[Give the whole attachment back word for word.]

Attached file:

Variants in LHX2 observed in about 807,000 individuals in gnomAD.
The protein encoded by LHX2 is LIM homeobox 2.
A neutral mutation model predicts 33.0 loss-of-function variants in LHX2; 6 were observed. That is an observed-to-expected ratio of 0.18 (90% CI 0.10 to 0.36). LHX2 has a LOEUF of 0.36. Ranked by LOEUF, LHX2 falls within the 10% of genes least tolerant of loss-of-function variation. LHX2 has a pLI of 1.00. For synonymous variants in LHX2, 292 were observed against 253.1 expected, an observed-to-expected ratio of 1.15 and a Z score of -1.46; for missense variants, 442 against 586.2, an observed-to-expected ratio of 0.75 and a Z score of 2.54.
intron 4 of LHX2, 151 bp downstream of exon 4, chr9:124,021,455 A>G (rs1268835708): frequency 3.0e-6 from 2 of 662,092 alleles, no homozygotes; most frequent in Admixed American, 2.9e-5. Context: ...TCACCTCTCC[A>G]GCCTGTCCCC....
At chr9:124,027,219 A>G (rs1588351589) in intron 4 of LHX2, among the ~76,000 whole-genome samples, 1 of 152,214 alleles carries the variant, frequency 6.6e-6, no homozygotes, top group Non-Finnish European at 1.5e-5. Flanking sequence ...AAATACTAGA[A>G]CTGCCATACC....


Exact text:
Variants in LHX2 observed in about 807,000 individuals in gnomAD.
The protein encoded by LHX2 is LIM homeobox 2.
A neutral mutation model predicts 33.0 loss-of-function variants in LHX2; 6 were observed. That is an observed-to-expected ratio of 0.18 (90% CI 0.10 to 0.36). LHX2 has a LOEUF of 0.36. Ranked by LOEUF, LHX2 falls within the 10% of genes least tolerant of loss-of-function variation. LHX2 has a pLI of 1.00. For synonymous variants in LHX2, 292 were observed against 253.1 expected, an observed-to-expected ratio of 1.15 and a Z score of -1.46; for missense variants, 442 against 586.2, an observed-to-expected ratio of 0.75 and a Z score of 2.54.
intron 4 of LHX2, 151 bp downstream of exon 4, chr9:124,021,455 A>G (rs1268835708): frequency 3.0e-6 from 2 of 662,092 alleles, no homozygotes; most frequent in Admixed American, 2.9e-5. Context: ...TCACCTCTCC[A>G]GCCTGTCCCC....
At chr9:124,027,219 A>G (rs1588351589) in intron 4 of LHX2, among the ~76,000 whole-genome samples, 1 of 152,214 alleles carries the variant, frequency 6.6e-6, no homozygotes, top group Non-Finnish European at 1.5e-5. Flanking sequence ...AAATACTAGA[A>G]CTGCCATACC....